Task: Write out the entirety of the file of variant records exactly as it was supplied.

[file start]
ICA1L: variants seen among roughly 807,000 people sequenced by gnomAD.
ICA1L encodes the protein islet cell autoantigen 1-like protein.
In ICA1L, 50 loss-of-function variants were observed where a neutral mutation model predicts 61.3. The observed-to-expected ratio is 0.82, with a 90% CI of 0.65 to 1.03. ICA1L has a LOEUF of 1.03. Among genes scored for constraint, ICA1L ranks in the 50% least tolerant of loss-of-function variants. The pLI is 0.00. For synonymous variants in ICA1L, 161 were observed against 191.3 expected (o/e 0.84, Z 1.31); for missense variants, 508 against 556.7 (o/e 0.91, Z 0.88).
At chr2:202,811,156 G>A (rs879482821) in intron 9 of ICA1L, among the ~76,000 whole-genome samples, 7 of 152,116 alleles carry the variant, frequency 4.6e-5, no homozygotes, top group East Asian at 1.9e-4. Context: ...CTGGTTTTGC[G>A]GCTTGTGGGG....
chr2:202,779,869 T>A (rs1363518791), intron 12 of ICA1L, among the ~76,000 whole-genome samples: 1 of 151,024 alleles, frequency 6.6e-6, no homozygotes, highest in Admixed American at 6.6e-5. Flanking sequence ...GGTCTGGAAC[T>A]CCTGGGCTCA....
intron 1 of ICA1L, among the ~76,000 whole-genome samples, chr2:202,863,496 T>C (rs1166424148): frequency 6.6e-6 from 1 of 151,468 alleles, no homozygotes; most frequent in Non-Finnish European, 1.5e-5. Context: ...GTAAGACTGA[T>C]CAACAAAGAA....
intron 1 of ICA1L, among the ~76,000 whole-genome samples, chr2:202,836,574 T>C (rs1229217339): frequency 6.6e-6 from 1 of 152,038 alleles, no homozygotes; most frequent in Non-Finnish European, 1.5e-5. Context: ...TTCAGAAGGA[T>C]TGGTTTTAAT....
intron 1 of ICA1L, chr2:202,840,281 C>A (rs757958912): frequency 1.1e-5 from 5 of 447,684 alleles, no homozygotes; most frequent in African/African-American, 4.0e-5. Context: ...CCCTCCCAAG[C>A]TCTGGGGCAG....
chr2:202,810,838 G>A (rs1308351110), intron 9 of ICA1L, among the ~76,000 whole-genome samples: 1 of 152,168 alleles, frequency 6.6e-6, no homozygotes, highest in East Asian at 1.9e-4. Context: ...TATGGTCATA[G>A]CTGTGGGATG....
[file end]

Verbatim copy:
ICA1L: variants seen among roughly 807,000 people sequenced by gnomAD.
ICA1L encodes the protein islet cell autoantigen 1-like protein.
In ICA1L, 50 loss-of-function variants were observed where a neutral mutation model predicts 61.3. The observed-to-expected ratio is 0.82, with a 90% CI of 0.65 to 1.03. ICA1L has a LOEUF of 1.03. Among genes scored for constraint, ICA1L ranks in the 50% least tolerant of loss-of-function variants. The pLI is 0.00. For synonymous variants in ICA1L, 161 were observed against 191.3 expected (o/e 0.84, Z 1.31); for missense variants, 508 against 556.7 (o/e 0.91, Z 0.88).
At chr2:202,811,156 G>A (rs879482821) in intron 9 of ICA1L, among the ~76,000 whole-genome samples, 7 of 152,116 alleles carry the variant, frequency 4.6e-5, no homozygotes, top group East Asian at 1.9e-4. Context: ...CTGGTTTTGC[G>A]GCTTGTGGGG....
chr2:202,779,869 T>A (rs1363518791), intron 12 of ICA1L, among the ~76,000 whole-genome samples: 1 of 151,024 alleles, frequency 6.6e-6, no homozygotes, highest in Admixed American at 6.6e-5. Flanking sequence ...GGTCTGGAAC[T>A]CCTGGGCTCA....
intron 1 of ICA1L, among the ~76,000 whole-genome samples, chr2:202,863,496 T>C (rs1166424148): frequency 6.6e-6 from 1 of 151,468 alleles, no homozygotes; most frequent in Non-Finnish European, 1.5e-5. Context: ...GTAAGACTGA[T>C]CAACAAAGAA....
intron 1 of ICA1L, among the ~76,000 whole-genome samples, chr2:202,836,574 T>C (rs1229217339): frequency 6.6e-6 from 1 of 152,038 alleles, no homozygotes; most frequent in Non-Finnish European, 1.5e-5. Context: ...TTCAGAAGGA[T>C]TGGTTTTAAT....
intron 1 of ICA1L, chr2:202,840,281 C>A (rs757958912): frequency 1.1e-5 from 5 of 447,684 alleles, no homozygotes; most frequent in African/African-American, 4.0e-5. Context: ...CCCTCCCAAG[C>A]TCTGGGGCAG....
chr2:202,810,838 G>A (rs1308351110), intron 9 of ICA1L, among the ~76,000 whole-genome samples: 1 of 152,168 alleles, frequency 6.6e-6, no homozygotes, highest in East Asian at 1.9e-4. Context: ...TATGGTCATA[G>A]CTGTGGGATG....